With the first day of this year's Electronic Entertainment Expo behind us, it's time to make sense of what the three console manufacturers showed at their annual media briefings. What was shown is just as important as what wasn't and reading between the lines is key.
One of the key directives brought up during Sony's media conference at the Electronics Entertainment Expo this year was the company's desire to drive home their commitment to 3D gaming. They've focused on dismantling one of the biggest roadblocks in the way of mass consumer adoption: the price of the TVs themselves.
Without a doubt, Alice: Madness Returns has the most beautiful and well-realized aesthetic of any game I’ve seen in ages. But, I’m begging you to never play it. Why? Because it’s heartbreaking that a world rife with so many imaginative possibilities ends up feeling so empty, so dull, and so soulless.
Brink (Splash Damage/Bethesda) Xbox 360 (also for PS3/PC)
Everything about Brink feels like a missed opportunity. I wanted to like it because I'm a sucker for objective-based shooters, and I was jonesing for something new. Instead, it feels too much like other shooters, not to mention the fact that it recycles its own few new ideas ad nauseum.
Dirt 3 (Codemasters Racing Studio) Xbox 360 (also for PC, PS3)
It took a while for Dirt 3 to click for me. At first, I loved bombing around the beautifully rendered tracks with all of the driving assists turned on, racking up easy gold medals. Then I got bored because everything felt so automatic, and progressing didn't require any skill. So, I turned the aids off. That was a wake-up call; I'd never I worked so hard for a last-place finish before.
While movie pundits squabble over whether or not 3D does anything besides eke out a few extra bucks per ticket at the box office, gamers have been reaping stereoscopic rewards for the past couple of months. Sony 3D games started making their way to market this past fall, and there have already been enough high-profile releases to keep those expensive glasses stuck on your face for the rest of the year.
Dead Island came out of nowhere earlier this year; its announcement trailer - the scariest set of reverse-chronology vacation snapshots you've seen in a while - went viral and now has more than 4.7 million hits on YouTube. And then for months we heard nothing. What was it, exactly?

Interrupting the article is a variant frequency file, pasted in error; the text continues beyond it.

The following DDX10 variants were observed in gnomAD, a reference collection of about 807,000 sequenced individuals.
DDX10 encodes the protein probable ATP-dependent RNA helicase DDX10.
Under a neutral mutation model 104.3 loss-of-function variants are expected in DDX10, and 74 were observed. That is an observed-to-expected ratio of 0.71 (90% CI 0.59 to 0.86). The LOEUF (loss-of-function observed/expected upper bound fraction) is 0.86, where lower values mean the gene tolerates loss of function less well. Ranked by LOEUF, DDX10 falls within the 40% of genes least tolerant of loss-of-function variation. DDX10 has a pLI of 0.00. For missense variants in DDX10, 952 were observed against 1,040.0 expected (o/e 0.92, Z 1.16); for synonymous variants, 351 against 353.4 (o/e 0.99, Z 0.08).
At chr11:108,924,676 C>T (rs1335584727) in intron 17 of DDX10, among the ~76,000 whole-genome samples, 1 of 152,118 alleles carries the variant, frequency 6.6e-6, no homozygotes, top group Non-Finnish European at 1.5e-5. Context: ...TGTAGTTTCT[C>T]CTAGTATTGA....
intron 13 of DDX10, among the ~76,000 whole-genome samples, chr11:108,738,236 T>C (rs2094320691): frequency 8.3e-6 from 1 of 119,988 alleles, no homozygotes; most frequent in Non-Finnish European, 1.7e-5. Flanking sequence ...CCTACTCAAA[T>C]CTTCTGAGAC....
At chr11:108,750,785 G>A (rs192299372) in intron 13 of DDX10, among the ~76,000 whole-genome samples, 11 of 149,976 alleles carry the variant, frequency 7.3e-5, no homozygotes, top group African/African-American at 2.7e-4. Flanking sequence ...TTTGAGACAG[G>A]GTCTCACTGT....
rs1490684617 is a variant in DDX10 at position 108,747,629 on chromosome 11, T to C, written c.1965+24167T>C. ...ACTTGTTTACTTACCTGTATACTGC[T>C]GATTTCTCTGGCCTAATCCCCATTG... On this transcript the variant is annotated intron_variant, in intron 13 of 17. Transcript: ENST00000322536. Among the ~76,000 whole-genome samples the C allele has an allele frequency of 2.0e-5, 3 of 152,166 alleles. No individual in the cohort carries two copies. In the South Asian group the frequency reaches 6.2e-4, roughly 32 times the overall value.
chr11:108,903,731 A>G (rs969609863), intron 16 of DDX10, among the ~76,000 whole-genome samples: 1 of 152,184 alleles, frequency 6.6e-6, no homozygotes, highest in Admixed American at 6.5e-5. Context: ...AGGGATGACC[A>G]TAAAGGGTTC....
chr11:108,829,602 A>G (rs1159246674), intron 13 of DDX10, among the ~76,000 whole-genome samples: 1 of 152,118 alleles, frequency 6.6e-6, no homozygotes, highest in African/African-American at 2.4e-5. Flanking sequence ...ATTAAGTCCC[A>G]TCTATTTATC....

Well, I played it the other week at E3 and can tell you exactly what it is: A first-person action-RPG with a focus on melee combat and weapon crafting. Oh, and you can play it online with three buddies, with drop-in/drop-out co-op.
The Resistance series has never had it easy. The original title launched alongside the PS3 back in 2006, and remained largely overlooked in the furor surrounding Sony’s $600 asking price for their new console.
Surround sound headsets are for gamers what soundbars are for the average consumer: no-hassle, "good enough" alternatives to a full home-theater system. The hurdle all gaming headsets have to overcome is successfully tricking your brain into thinking it's hearing five to seven discrete channels around the "room." Some do this better than others, but simulating spatial separation with a few drivers located less than an inch from your ear is a tall order - too tall, I'd thought.
Then I took several pairs for extended test drives, and what I found surprised me.
When I reviewed the Astro A40 MLG edition headset and wireless mixamp late last year, my complaints were minor. Since then, they've become my go-to cans; I even use them for transcribing interviews. It's overkill, I know. I've used them exclusively for the past eight months because I haven't heard another gaming headset that sounds anywhere near as good. That is until I spent quality time with Astro's new model, the A50.